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FC Barcelona looks at Philly MLS stake

FC Barcelona is exploring an investment in MLS’s Philadelphia expansion franchise, which has been seeking new capital for months in an effort to further strengthen an ownership group fronted by iStar Financial CEO Jay Sugarman.

Joan LaPorta, president of FC Barcelona, visited Philadelphia on Feb. 28 and toured the site of the franchise’s future stadium being constructed in Chester, Pa. The tour took place days before FC Barcelona announced it wouldn’t pursue an expansion franchise in Miami.

FC Barcelona’s Joan LaPorta visited
Philadelphia and the stadium
site last month.

MLS Commissioner Don Garber declined to comment on the visit but said, “FC Barcelona has expressed for some time an interest in Major League Soccer financially and strategically. They spent a great deal of time with us looking at Miami and are continuing to look at opportunities around the league.”

MLS Philadelphia CEO Nick Sakiewicz said he didn’t discuss investing in the franchise with LaPorta but acknowledged that the Philadelphia franchise is still looking for strategic partners.

“That’s always been part of our plan and it hasn’t changed,” Sakiewicz said.

FC Barcelona is just the latest in a string of potential investors to look at the team over the last few months. Comcast-Spectacor is also in discussions with the club to provide it with $7 million in debt as part of an agreement that would see the facility operator manage the stadium upon completion, according to sources who requested anonymity because of the sensitivity of the discussions.

A spokesman with Comcast-Spectacor said all discussions are private. Sakiewicz said that while the group has had discussions with Comcast-Spectacor, “No (money) has been discussed or formal agreement reached.”

Sugarman, the franchise’s majority owner-operator, has suffered substantial declines in the value of his stake in iStar Financial over the last year. Shares in the company were valued at $20.19 on the day Philadelphia was awarded an MLS franchise in February 2008, but the stock closed at $1.78 last Thursday.  He has pulled more than $20 million out of the market since November 2006 and acquired 600,000 shares of iStar in the last six months, but the precipitous decline in stock price has cost him more than $38 million since February 2008.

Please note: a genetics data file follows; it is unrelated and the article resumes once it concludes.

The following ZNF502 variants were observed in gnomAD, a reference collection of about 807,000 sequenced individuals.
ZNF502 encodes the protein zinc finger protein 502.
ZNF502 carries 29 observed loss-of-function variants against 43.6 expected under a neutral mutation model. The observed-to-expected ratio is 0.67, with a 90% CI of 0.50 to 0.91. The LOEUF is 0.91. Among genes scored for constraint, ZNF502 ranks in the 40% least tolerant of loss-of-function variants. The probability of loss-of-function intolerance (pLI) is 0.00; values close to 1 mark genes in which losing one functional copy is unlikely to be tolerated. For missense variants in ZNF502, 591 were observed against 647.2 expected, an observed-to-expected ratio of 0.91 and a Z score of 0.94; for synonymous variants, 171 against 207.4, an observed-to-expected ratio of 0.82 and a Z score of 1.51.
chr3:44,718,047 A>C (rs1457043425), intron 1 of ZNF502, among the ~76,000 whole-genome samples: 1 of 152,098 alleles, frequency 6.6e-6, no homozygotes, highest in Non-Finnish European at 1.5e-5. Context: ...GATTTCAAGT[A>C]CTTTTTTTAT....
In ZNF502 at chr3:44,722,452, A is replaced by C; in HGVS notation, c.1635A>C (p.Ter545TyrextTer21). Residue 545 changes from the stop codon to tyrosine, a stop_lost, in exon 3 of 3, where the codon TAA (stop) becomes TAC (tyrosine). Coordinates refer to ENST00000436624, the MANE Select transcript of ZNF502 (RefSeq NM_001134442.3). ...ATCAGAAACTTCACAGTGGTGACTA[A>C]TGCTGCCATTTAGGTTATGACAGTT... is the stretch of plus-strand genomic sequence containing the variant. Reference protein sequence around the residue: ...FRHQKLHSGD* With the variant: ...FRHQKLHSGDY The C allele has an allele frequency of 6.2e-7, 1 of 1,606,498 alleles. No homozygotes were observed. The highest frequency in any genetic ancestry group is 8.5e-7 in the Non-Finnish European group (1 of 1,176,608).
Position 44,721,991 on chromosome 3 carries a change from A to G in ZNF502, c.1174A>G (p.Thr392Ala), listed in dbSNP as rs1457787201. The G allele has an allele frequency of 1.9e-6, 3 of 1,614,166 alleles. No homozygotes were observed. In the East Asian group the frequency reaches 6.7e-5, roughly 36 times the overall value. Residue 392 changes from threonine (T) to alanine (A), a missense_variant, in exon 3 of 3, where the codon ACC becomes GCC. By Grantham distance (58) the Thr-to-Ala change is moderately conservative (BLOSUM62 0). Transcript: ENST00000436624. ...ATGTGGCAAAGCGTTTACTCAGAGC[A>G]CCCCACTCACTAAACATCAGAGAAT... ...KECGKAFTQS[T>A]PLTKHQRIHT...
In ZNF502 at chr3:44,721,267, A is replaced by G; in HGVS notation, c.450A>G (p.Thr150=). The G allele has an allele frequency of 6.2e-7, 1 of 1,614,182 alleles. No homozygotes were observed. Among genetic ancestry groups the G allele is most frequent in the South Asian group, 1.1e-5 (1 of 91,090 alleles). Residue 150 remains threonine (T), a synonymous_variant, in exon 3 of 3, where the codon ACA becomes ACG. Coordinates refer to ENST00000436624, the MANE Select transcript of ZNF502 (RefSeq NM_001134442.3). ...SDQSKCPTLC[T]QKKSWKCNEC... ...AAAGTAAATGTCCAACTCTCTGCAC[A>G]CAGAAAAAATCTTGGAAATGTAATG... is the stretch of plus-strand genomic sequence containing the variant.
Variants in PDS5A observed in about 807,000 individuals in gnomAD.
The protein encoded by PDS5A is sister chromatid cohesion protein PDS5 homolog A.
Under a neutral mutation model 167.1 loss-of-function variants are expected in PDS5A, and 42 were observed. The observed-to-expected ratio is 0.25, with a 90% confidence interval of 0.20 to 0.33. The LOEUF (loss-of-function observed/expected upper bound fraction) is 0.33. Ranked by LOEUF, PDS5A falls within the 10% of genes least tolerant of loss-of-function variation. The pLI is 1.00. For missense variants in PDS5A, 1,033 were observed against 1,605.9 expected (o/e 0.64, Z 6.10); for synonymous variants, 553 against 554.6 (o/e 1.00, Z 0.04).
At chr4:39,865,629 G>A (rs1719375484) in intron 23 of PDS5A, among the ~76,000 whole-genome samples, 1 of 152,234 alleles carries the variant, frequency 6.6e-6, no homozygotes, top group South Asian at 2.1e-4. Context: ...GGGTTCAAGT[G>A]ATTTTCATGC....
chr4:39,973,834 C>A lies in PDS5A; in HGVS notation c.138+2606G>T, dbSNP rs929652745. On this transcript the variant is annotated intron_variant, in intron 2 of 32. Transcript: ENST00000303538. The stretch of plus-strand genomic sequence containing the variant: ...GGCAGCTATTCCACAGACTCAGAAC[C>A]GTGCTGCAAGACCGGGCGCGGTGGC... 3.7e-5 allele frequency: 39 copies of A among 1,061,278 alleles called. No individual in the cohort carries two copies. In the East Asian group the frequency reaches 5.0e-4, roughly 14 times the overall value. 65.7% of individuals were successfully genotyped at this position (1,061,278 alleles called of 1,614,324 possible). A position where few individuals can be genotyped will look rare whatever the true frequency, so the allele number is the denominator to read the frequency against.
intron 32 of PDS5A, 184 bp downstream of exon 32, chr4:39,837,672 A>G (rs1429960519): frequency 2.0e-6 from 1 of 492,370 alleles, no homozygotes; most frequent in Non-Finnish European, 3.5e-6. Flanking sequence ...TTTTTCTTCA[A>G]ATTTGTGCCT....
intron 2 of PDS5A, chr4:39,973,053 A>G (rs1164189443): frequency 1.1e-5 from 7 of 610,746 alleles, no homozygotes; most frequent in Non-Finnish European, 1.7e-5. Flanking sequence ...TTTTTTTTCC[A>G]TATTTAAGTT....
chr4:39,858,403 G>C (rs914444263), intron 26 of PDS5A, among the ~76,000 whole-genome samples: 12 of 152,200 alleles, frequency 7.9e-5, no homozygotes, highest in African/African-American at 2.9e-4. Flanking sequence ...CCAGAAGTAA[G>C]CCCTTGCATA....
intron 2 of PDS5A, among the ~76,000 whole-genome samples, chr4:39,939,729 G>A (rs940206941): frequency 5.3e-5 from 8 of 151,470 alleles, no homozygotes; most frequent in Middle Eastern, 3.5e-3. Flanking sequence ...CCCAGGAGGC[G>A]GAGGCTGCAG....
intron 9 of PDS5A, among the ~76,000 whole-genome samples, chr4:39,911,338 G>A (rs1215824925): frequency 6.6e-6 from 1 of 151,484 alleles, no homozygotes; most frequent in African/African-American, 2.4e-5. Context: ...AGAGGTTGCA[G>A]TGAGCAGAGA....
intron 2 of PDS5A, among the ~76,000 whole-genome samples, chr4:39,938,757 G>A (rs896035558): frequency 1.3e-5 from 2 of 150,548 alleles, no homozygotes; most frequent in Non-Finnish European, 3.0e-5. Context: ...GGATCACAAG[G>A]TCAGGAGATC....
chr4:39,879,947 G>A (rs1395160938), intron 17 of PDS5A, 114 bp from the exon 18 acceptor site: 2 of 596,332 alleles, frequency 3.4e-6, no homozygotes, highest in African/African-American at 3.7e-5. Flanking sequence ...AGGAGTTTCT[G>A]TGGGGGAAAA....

Sakiewicz said that Sugarman’s net worth extends far beyond his shares in iStar, and the team’s effort to raise additional capital is part of an effort to find someone who brings sports, entertainment or soccer expertise to the table.

The $115 million stadium project in Philadelphia is fully funded and pilings began being driven into the ground last week, Sakiewicz said. Delaware County and the state of Pennsylvania contributed $77 million to the project, leaving $38 million in costs to Sugarman, Sakiewicz and fellow investors — Swarthmore Group Chairman James Nevels, Philadelphia attorney William Doran and Christopher and Robert Buccini, founding partners of the Buccini/Pollin Group.

In addition to construction costs, Sugarman and the group also owe an outstanding balance on the franchise’s expansion fee of $35 million, which is part of a standard contract due to be paid over several years. The club was able to secure a $25 million loan from Sovereign Bank last year.

Looking ahead, though, there’s concern in MLS ownership circles about operating expenses and losses once the franchise begins play. FC Barcelona or other minor investors could alleviate some of that concern. Details about the size of any future investment remain unknown.

When asked to respond to those concerns, Garber said, “The fact that the team has secured more than 6,000 season-ticket deposits and two sponsors a year before kicking off indicates the strength of the market and the organization Jay has put together in Philly. I have absolutely no concern about their ability to be successful.”

FC Barcelona has been seeking entry into MLS since last fall when it partnered with cell-phone magnate Marcelo Claure to bid on an expansion team in Miami. The club and MLS pulled the plug on the bid in early March because of “adverse market conditions” in Miami. But investing in Philadelphia would offer the Spanish club an easier, more affordable entry.

The Philadelphia franchise already has been approved by the board, secured a stadium and established a small staff headed by an experienced MLS veteran in Sakiewicz, who said that the continued interest from investors spoke to the strength of the club’s ownership group and deal with county and state.

Staff writer John Ourand contributed to this report.

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